Details of computer models that can predict the chances of a patient responding to their HIV drugs with 80% accuracy are published today in the journal AIDS. The models were developed by the HIV Resistance Response Database Initiative (RDI) using almost half a million pieces of data from approximately 6,000 clinical cases from hundreds of clinics around the world. The models are now available online as part of an experimental treatment support tool, HIV-TRePS.
The random forest models were trained to predict the probability of any combination of HIV drugs reducing the virus in the patient’s blood to an undetectably low level (<50 copies/ml). They use the genetic code of the virus, the patient’s immune status, their treatment history and a measure of the level of HIV in the blood, to make their predictions.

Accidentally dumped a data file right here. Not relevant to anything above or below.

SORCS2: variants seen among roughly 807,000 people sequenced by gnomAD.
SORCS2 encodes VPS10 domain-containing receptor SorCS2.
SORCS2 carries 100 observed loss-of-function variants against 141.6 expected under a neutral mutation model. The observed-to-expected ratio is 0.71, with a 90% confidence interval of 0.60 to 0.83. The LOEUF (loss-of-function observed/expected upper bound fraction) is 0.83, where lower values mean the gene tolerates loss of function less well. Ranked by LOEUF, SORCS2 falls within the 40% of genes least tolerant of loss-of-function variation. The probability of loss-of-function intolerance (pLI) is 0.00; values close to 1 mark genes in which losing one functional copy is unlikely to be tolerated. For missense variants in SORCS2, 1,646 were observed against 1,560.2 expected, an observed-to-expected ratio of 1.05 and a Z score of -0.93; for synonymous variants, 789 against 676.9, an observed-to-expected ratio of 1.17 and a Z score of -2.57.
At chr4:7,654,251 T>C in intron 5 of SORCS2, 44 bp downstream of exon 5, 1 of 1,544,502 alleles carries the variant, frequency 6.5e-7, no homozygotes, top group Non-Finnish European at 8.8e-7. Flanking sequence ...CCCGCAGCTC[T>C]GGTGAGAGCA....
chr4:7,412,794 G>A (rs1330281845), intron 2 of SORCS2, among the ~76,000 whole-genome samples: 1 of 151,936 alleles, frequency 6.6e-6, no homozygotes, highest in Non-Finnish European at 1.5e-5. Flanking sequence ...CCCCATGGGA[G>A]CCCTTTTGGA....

“The publication of these results is an important milestone in the development of expert computer systems to aid clinical practice”, commented Professor Julio Montaner, etc. “The models harness the experience of hundreds of physicians treating thousands of patients and puts this distilled expertise in the hands of the individual physician via the click of a mouse.”
Currently, when a patient’s treatment fails and the levels of the virus increase, physicians usually run a genotype test, which detects mutations in the genetic code of the virus that can make it resistant to certain drugs. The physician then selects a combination of drugs that the test indicates will still be effective against the mutated virus. When the results of this test were compared with those of the RDI models they proved significantly less accurate as a predictor of response.